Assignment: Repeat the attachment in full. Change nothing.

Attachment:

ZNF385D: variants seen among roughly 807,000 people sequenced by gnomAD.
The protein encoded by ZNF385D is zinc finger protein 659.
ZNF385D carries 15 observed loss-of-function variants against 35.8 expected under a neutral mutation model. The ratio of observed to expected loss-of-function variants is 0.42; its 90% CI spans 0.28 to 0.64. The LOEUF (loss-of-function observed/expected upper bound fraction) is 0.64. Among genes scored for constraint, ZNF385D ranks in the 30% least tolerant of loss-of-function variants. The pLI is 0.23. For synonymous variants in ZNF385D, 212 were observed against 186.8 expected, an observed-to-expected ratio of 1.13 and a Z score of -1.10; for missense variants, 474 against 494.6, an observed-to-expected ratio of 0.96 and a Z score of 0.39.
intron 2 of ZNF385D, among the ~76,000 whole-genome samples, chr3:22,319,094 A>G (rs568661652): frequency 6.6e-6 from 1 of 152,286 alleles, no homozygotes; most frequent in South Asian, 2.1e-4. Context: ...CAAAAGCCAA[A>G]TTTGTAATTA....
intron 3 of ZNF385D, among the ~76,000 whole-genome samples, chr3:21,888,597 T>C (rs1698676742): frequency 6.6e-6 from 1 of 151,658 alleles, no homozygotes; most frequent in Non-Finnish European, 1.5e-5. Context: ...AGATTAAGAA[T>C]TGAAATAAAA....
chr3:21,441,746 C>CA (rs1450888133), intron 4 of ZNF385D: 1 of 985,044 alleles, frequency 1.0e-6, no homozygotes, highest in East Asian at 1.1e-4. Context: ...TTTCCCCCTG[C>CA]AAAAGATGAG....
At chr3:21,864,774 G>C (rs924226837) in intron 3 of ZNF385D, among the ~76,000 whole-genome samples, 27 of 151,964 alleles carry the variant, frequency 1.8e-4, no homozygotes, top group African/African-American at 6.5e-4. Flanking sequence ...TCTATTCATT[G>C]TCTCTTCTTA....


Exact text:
ZNF385D: variants seen among roughly 807,000 people sequenced by gnomAD.
The protein encoded by ZNF385D is zinc finger protein 659.
ZNF385D carries 15 observed loss-of-function variants against 35.8 expected under a neutral mutation model. The ratio of observed to expected loss-of-function variants is 0.42; its 90% CI spans 0.28 to 0.64. The LOEUF (loss-of-function observed/expected upper bound fraction) is 0.64. Among genes scored for constraint, ZNF385D ranks in the 30% least tolerant of loss-of-function variants. The pLI is 0.23. For synonymous variants in ZNF385D, 212 were observed against 186.8 expected, an observed-to-expected ratio of 1.13 and a Z score of -1.10; for missense variants, 474 against 494.6, an observed-to-expected ratio of 0.96 and a Z score of 0.39.
intron 2 of ZNF385D, among the ~76,000 whole-genome samples, chr3:22,319,094 A>G (rs568661652): frequency 6.6e-6 from 1 of 152,286 alleles, no homozygotes; most frequent in South Asian, 2.1e-4. Context: ...CAAAAGCCAA[A>G]TTTGTAATTA....
intron 3 of ZNF385D, among the ~76,000 whole-genome samples, chr3:21,888,597 T>C (rs1698676742): frequency 6.6e-6 from 1 of 151,658 alleles, no homozygotes; most frequent in Non-Finnish European, 1.5e-5. Context: ...AGATTAAGAA[T>C]TGAAATAAAA....
chr3:21,441,746 C>CA (rs1450888133), intron 4 of ZNF385D: 1 of 985,044 alleles, frequency 1.0e-6, no homozygotes, highest in East Asian at 1.1e-4. Context: ...TTTCCCCCTG[C>CA]AAAAGATGAG....
At chr3:21,864,774 G>C (rs924226837) in intron 3 of ZNF385D, among the ~76,000 whole-genome samples, 27 of 151,964 alleles carry the variant, frequency 1.8e-4, no homozygotes, top group African/African-American at 6.5e-4. Flanking sequence ...TCTATTCATT[G>C]TCTCTTCTTA....